W3C home > Mailing lists > Public > public-html-a11y@w3.org > March 2011

RE: [media] change proposals for issue-152

From: Sean Hayes <Sean.Hayes@microsoft.com>
Date: Tue, 29 Mar 2011 16:58:39 +0000
To: Silvia Pfeiffer <silviapfeiffer1@gmail.com>
CC: HTML Accessibility Task Force <public-html-a11y@w3.org>
Message-ID: <8DEFC0D8B72E054E97DC307774FE4B913FB27762@DB3EX14MBXC303.europe.corp.microsoft.com>
It's possible that my issues aren't all tightly coupled to the idea of having track elements handled in the same way as video elements. Let's be clear then my objection to your proposal is having tracks containing text be handled in a fundamentally different way to tracks containing video and being constrained to the video rectangle. I don't need text tracks to be top level elements, nor indeed any specific markup/API solution, but it does seem to me that striving for a smaller set of components and have them share a common model where possible is a good thing when designing a new feature.

"I'm sorry, but it seems to me that you might have mistaken a joke for agreement."
10 hours of discussion over 3 sessions and writing up a summary in the wiki-page is a very elaborate joke, I'm not sure what the point of it was but clearly worked as it does indeed seem to have been a waste of my time being present at the f2f.

In order for me to understand your proposal perhaps you'd address the following:

If it's difficult to put the text track in the viewport of a video when it's a separate element, how do you propose doing it for video? 

Can you describe in the "embedded in viewport" model how I spread captions across two videos placed side by side.

The networkState states (or something very like them) are likely to be required if we ever intend to support live streamed captions, what's the plan for that?

Separating out the videos does not necessarily make life easier, not only do you have to explain away the redundant attributes, and continually repeat the timeline='...' attribute on slave elements, making it more verbose and error prone, you now have the opportunity for a whole bunch of coding errors that you wouldn't have to deal with in a nested model, for example:

What is the behavior if video A references video B's timeline, and video B references video A's timeline? Who gets the controls?

Is it legal for video A to slave to video B which slaves to video C? If not what is the error behavior. If so, what is the behavior if there is a cycle?

I strongly disagree that it is a good thing to have to make audio into a visual container in order to put captions into the page, it makes it less likely that authors are going to do the right thing. Moreover, since you still have to use CSS to make the null video have a sensible shape, why not apply CSS directly to the content you want to put in there.

" Your proposal starts with the use of a text track that stands alone.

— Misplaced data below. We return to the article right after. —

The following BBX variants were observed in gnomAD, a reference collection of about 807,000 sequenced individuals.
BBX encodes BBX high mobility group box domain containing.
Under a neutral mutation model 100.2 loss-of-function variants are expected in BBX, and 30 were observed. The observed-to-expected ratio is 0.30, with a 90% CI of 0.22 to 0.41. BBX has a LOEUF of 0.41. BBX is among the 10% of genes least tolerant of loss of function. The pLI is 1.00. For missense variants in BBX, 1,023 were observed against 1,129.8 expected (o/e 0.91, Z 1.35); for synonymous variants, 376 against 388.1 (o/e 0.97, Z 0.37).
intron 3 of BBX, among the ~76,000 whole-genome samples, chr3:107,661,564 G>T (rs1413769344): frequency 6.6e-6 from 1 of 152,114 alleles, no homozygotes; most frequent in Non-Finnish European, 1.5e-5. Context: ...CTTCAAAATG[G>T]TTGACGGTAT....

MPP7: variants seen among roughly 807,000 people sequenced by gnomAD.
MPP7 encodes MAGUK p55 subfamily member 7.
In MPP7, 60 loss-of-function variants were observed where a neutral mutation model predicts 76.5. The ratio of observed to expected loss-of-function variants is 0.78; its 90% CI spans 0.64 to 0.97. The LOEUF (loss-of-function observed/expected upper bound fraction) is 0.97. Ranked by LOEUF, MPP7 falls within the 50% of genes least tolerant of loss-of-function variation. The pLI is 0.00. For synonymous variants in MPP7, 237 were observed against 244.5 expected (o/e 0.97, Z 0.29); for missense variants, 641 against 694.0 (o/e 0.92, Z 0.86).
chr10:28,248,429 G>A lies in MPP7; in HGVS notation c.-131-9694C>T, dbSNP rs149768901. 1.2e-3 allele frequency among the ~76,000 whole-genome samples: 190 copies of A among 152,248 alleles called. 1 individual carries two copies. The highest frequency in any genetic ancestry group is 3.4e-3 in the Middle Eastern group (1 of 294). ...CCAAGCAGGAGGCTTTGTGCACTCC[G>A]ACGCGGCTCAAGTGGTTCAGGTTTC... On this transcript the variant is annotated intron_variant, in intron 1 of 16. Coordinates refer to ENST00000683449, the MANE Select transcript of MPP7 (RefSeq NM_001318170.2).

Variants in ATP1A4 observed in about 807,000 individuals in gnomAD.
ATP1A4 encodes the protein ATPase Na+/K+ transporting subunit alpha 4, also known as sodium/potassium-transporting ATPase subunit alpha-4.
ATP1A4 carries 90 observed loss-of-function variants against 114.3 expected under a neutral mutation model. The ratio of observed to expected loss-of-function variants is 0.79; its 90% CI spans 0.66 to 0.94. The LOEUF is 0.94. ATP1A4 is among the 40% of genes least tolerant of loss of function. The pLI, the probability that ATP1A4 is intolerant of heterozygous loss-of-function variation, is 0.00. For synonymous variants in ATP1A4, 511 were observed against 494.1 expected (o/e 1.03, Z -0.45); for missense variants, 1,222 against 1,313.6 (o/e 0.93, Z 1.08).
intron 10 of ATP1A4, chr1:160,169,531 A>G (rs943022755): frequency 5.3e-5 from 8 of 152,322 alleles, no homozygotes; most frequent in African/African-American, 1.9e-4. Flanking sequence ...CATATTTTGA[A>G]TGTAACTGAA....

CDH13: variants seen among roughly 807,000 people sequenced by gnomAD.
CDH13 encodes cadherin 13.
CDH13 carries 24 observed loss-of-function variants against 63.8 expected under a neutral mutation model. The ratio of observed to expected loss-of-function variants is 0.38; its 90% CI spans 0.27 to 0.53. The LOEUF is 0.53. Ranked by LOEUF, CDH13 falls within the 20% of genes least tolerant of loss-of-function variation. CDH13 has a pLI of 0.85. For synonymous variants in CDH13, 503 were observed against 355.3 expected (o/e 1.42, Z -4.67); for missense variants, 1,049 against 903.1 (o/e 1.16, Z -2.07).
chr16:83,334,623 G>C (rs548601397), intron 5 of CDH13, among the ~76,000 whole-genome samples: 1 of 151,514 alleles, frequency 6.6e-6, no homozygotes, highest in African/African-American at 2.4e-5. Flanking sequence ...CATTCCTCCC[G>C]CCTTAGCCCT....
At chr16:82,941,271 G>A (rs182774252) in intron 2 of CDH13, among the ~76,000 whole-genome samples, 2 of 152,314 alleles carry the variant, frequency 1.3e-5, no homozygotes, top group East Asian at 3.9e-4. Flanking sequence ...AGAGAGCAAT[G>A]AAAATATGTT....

What would be its visual representation? What the use case?"
It's would be a block container, like div. It's use case is the ability to present timed markup anywhere in the layout, and in particular to provide one encompassing caption area over any number of videos (for example a page full of thumbnails).

"So, are you saying that you still favor the #10 solution that we first discussed in San Diego?"
As addressing the principles I'm concerned about and as the starting point for continued discussion yes. As a concrete solution, no not necessarily.

"Are you concerned about black bars and the like?"
No. I'm concerned with a page that contains a set of videos, some of which may be too small (e.g. thumbnails) to effectively display captions in their viewport, and having a place to put those captions over the set as a whole.

"The main reason for moving away from it is that we realized that we
were re-inventing for audio and video tracks exactly the same
functionality that is already present for audio and video elements."
Only you are still re-inventing, because now you have to add a whole bunch of special case code for top level video elements that aren't really top level elements to unhook their controls, handle their text tracks, remove the poster etc. and logic to deal with errors in hooking the elements together.

"it makes a lot of sense to have multiple tracks
displayed next to each other rather than obstruct each other by trying
to render into the same viewport. An author would be utterly confused
if he defined multiple video tracks, but would only every by default
see a single video track". 
Right, but that's only a result of the insistence that the video creates a viewport. If instead it created an equivalent to an absolutely positioned containing box that behaves as a flow container that expands to accommodate its children, authors would get an different experience. Since all of your examples put the videos in a parent div anyway that does essentially that, it seems to me that's the most likely scenario anyway. Text tracks, in order to overlay the parent, can be defined as display:absolute with default origin and extent calculated to the video rendering area. 
Received on Tuesday, 29 March 2011 17:00:38 UTC

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